They flirted with the NL's second Wild Card before being formally eliminated on Sunday against the Astros. Principal owner Mark Attanasio and manager Ron Roenicke each addressed the team on Monday afternoon and told players they were proud of the team's late-season surge.
The winning season is the Brewers' second in a row, their fourth in the past six years and the 13th in a franchise history that dates to 1969.
"To come out with a winning season is definitely a positive for us," Lucroy said. "Obviously, we wanted to be in the playoffs, but that didn't work out. But you can't say we didn't try or it was for lack of effort. We gave it everything we had, and we're going to finish up strong here."
Personal milestones are at stake in the final two games, most notably for Braun, who is trying to pass the Padres' Chase Headley for the NL RBI crown. Neither player drove home a run on Monday, so Headley, who struck out against John Axford to end the game, maintained his lead, 113 to 112.
The Brewers' offense came from elsewhere against Padres left-hander Clayton Richard. Aramis Ramirez followed Braun's double with an RBI single in the first inning, Gomez hit a two-out solo homer in the fourth, Weeks hit a two-run homer in the fifth and Lucroy led off the sixth with another blast.
Weeks' homer was the Brewers' 200th this season, marking the fifth time in franchise history they reached that mark, and the first since 2007, when Prince Fielder accounted for 50.
"This is a good place to hit them," Lucroy said.
That power show benefited Marcum, a pending free agent who walked four batters and surrendered six hits but limited the Padres to two runs over six innings. It was Marcum's third consecutive quality start, and his second straight victory.
He finished an injury-interrupted season with a 6-4 record and a 3.70 ERA in 21 starts.
"I don't think he pitched as well as he did starting against the Reds, but he threw good enough to hold the other team down and give us a chance to win," Lucroy said. "He made good pitches when he had to."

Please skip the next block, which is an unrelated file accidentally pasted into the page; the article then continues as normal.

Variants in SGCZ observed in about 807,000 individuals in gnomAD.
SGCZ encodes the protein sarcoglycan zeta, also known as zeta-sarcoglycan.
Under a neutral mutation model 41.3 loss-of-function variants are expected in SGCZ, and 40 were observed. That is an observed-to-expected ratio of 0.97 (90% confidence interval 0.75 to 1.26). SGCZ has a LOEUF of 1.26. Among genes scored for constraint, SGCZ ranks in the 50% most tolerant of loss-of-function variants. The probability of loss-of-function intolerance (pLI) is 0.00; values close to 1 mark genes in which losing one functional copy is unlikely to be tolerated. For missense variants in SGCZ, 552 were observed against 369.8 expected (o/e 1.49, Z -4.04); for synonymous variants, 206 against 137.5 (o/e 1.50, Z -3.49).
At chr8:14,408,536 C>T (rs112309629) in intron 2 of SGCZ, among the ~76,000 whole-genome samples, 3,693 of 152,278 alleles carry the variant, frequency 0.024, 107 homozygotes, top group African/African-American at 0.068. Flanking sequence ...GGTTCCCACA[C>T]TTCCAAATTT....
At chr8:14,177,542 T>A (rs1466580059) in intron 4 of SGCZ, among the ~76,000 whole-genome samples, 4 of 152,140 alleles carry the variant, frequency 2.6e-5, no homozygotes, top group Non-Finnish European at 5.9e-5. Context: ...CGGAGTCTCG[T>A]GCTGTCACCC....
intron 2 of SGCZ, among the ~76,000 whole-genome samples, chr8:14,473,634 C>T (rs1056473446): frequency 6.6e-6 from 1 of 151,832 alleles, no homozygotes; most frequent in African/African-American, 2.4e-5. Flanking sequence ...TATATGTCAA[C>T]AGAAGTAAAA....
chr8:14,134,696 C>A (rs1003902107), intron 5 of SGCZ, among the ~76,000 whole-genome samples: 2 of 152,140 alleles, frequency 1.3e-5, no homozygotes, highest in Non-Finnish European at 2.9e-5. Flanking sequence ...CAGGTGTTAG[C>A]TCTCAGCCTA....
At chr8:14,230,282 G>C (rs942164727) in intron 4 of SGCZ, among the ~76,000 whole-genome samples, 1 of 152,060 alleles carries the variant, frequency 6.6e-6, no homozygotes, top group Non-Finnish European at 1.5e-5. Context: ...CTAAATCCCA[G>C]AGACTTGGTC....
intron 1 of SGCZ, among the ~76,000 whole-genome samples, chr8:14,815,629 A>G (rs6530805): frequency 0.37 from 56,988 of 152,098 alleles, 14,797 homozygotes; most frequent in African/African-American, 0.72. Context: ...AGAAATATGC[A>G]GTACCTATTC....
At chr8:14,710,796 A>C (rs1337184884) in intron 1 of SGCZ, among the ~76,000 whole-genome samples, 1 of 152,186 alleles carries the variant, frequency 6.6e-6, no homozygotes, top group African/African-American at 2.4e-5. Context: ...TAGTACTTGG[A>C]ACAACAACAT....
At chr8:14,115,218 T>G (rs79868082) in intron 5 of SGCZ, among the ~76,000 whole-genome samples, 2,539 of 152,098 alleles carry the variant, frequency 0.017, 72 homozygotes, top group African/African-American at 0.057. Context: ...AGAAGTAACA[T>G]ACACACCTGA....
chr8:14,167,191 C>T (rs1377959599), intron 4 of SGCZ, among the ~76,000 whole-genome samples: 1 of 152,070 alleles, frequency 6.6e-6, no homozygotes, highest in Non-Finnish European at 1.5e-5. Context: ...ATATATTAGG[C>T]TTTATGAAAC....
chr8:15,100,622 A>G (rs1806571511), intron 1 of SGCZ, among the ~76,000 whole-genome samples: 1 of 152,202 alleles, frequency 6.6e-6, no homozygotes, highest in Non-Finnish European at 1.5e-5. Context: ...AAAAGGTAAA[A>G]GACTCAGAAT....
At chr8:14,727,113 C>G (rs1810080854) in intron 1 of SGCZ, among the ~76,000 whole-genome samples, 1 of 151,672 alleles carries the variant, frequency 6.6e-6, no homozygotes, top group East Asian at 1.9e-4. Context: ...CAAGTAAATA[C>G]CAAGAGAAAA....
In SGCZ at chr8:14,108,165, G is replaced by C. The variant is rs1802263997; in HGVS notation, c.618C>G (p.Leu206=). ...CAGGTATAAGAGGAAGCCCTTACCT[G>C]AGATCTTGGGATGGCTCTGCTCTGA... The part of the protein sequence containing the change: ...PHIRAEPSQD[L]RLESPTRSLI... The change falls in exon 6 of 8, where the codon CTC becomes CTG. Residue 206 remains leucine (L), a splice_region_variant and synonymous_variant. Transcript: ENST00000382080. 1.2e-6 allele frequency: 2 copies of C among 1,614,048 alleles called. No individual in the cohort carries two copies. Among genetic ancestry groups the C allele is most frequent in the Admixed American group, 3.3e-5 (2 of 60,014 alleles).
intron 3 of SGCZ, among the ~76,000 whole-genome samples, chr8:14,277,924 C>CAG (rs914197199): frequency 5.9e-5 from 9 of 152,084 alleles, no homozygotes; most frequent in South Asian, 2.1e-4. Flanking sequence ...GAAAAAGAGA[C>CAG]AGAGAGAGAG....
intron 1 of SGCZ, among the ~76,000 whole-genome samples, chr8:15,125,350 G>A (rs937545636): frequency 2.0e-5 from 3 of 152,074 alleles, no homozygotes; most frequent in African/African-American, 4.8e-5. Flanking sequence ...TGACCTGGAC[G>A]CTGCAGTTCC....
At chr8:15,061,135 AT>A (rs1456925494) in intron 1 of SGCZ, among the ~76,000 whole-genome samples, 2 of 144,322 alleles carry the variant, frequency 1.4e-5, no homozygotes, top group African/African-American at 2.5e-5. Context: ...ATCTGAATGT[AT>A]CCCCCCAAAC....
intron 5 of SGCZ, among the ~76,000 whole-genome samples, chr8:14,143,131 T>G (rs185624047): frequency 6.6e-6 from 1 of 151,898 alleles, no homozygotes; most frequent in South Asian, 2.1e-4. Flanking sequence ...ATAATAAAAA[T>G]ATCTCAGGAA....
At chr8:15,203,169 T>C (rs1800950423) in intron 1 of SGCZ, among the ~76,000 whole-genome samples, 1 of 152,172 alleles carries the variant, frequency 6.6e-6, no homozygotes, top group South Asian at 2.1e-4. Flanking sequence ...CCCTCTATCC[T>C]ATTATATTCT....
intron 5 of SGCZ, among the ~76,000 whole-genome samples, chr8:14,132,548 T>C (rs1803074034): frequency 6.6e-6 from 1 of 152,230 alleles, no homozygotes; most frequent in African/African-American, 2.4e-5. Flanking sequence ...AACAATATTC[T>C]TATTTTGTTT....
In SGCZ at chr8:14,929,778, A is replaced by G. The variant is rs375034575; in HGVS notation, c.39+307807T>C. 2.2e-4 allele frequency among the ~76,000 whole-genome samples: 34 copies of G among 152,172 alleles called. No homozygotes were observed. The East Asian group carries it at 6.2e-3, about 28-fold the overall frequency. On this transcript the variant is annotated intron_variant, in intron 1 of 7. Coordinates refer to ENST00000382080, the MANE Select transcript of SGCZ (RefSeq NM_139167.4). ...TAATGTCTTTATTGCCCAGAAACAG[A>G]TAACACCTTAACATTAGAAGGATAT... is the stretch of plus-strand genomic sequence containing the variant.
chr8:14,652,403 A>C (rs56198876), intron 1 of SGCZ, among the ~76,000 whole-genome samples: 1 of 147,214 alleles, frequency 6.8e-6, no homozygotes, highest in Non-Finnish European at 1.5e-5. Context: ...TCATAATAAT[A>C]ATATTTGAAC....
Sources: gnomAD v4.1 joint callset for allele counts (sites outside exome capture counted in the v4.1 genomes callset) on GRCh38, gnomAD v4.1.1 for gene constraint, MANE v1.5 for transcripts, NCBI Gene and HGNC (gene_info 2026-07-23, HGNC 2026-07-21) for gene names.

Continuing his recent policy, Marcum departed without talking to local reporters.
He pitched with a 1-0 lead until the third inning, when Richard became the second opposing pitcher in as many days to hit his first career home run at the Brewers' expense. The other run against Marcum scored in the sixth inning, when Will Venable doubled and Jesus Guzman followed with a single.
Between those scores, Marcum avoided damage. He walked three batters after the Richards homer but stranded all three with a Yonder Alonso lineout. In the fourth inning, Marcum stranded a runner at third base. In the fifth, he left a runner at second.
"We had him [on the ropes] a couple of times," Padres manager Bud Black said. "We had the bases loaded in the third and Alonso hit the ball right on the nose. We stressed him, but he hung in there."
Marcum allowed only five earned runs in 18 innings over his final three starts. His Sept. 26 win over the Reds was particularly big, because it kept the Brewers alive in their postseason chase.
"Last game was maybe a little sharper than today, but both of them were good," Roenicke said. "He mixed speeds well, location was good, and he battles. He knows how to get guys out. ...
"Shaun knows how to pitch, it's just a question of keeping him healthy. And he needs to be healthy, because he relies on life on his stuff and command."
Jim Henderson allowed a run in the seventh inning, but Francisco Rodriguez pitched a scoreless eighth and Axford logged his 34th save in the ninth, a big bounce-back from a blown save in Cincinnati on Thursday that essentially ended the Brewers' long-shot bid for the playoffs.
Headley represented the tying run when Axford struck him out with a high fastball.
"[A winning record] is not a consolation from where we thought we could be, but it's a consolation for where we were," Axford said. "We didn't give up. We just kept fighting. Having a winning record this year is not something a lot of fans thought we would have. In the clubhouse, we knew we were better."